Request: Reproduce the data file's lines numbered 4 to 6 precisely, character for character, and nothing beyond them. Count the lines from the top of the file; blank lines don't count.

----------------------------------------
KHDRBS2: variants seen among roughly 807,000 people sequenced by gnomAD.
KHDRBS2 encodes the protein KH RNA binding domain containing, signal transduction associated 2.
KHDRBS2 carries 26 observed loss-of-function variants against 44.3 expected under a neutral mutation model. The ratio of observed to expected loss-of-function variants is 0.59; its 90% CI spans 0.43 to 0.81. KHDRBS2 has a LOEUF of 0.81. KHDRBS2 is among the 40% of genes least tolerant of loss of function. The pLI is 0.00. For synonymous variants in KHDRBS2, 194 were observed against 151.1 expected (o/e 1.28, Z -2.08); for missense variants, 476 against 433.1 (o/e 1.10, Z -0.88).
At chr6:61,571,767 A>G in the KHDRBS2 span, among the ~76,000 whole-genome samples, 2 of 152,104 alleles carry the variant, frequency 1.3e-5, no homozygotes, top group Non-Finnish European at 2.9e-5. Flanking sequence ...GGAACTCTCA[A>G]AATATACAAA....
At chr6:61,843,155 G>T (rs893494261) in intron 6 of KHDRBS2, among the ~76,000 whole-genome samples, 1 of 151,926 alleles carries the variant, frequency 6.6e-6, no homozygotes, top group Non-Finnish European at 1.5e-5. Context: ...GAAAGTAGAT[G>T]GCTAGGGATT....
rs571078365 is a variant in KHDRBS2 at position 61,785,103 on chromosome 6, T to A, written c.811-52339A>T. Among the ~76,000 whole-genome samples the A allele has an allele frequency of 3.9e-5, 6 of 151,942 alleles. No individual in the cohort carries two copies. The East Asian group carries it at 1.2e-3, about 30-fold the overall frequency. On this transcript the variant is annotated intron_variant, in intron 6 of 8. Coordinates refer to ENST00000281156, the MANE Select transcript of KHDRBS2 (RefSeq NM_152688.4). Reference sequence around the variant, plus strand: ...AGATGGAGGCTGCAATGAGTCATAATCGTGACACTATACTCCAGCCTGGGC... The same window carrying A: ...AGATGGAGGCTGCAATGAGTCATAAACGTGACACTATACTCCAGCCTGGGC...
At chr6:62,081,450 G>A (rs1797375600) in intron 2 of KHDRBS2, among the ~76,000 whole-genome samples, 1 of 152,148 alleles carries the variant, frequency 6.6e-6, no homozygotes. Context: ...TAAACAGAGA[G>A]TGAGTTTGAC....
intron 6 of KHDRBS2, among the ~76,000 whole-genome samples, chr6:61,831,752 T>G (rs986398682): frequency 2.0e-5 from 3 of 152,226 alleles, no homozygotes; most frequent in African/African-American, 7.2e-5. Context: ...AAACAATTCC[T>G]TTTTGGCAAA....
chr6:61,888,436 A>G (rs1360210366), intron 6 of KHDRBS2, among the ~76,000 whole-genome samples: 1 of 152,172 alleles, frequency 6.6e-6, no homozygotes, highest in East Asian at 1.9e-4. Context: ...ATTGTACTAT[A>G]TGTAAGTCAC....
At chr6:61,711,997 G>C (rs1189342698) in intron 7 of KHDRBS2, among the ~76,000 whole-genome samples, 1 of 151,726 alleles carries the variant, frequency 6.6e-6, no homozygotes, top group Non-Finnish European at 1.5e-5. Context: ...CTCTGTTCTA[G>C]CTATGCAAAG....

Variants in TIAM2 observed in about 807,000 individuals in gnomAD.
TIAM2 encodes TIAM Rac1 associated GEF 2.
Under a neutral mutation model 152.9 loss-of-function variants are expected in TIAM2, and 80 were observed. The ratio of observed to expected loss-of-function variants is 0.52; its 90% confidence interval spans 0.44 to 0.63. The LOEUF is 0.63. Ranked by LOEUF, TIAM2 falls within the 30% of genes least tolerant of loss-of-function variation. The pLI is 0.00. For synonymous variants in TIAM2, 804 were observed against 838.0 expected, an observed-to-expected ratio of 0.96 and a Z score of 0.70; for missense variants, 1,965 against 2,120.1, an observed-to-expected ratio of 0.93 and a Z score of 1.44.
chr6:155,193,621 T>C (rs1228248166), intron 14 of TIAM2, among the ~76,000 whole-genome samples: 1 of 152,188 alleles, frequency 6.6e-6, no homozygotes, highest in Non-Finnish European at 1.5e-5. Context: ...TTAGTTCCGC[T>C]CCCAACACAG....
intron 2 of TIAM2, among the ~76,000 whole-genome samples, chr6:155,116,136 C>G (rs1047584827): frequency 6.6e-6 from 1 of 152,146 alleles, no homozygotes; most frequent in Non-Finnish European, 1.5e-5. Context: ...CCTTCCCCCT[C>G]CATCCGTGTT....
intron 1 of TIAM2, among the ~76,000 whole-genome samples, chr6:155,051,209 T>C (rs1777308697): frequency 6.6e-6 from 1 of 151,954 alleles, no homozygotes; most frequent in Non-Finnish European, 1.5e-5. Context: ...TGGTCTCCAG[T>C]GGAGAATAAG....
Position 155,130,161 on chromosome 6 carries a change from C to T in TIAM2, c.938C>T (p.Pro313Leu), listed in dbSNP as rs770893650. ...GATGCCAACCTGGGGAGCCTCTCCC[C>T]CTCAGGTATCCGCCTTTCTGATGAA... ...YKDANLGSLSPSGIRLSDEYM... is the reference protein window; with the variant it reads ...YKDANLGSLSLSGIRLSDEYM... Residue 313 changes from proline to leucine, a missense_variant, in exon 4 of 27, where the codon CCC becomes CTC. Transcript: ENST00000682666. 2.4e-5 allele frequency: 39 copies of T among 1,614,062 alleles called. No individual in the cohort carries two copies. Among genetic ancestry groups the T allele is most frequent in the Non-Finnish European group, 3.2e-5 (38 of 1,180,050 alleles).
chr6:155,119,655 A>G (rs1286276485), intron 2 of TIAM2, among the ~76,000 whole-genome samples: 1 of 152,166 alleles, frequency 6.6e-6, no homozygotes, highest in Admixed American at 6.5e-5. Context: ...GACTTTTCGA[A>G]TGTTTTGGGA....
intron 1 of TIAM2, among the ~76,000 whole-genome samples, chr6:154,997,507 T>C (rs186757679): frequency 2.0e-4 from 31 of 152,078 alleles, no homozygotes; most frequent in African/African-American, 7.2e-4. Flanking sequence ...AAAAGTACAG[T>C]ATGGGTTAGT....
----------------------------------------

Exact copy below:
At chr6:61,571,767 A>G in the KHDRBS2 span, among the ~76,000 whole-genome samples, 2 of 152,104 alleles carry the variant, frequency 1.3e-5, no homozygotes, top group Non-Finnish European at 2.9e-5. Flanking sequence ...GGAACTCTCA[A>G]AATATACAAA....
At chr6:61,843,155 G>T (rs893494261) in intron 6 of KHDRBS2, among the ~76,000 whole-genome samples, 1 of 151,926 alleles carries the variant, frequency 6.6e-6, no homozygotes, top group Non-Finnish European at 1.5e-5. Context: ...GAAAGTAGAT[G>T]GCTAGGGATT....
rs571078365 is a variant in KHDRBS2 at position 61,785,103 on chromosome 6, T to A, written c.811-52339A>T. Among the ~76,000 whole-genome samples the A allele has an allele frequency of 3.9e-5, 6 of 151,942 alleles. No individual in the cohort carries two copies. The East Asian group carries it at 1.2e-3, about 30-fold the overall frequency. On this transcript the variant is annotated intron_variant, in intron 6 of 8. Coordinates refer to ENST00000281156, the MANE Select transcript of KHDRBS2 (RefSeq NM_152688.4). Reference sequence around the variant, plus strand: ...AGATGGAGGCTGCAATGAGTCATAATCGTGACACTATACTCCAGCCTGGGC... The same window carrying A: ...AGATGGAGGCTGCAATGAGTCATAAACGTGACACTATACTCCAGCCTGGGC...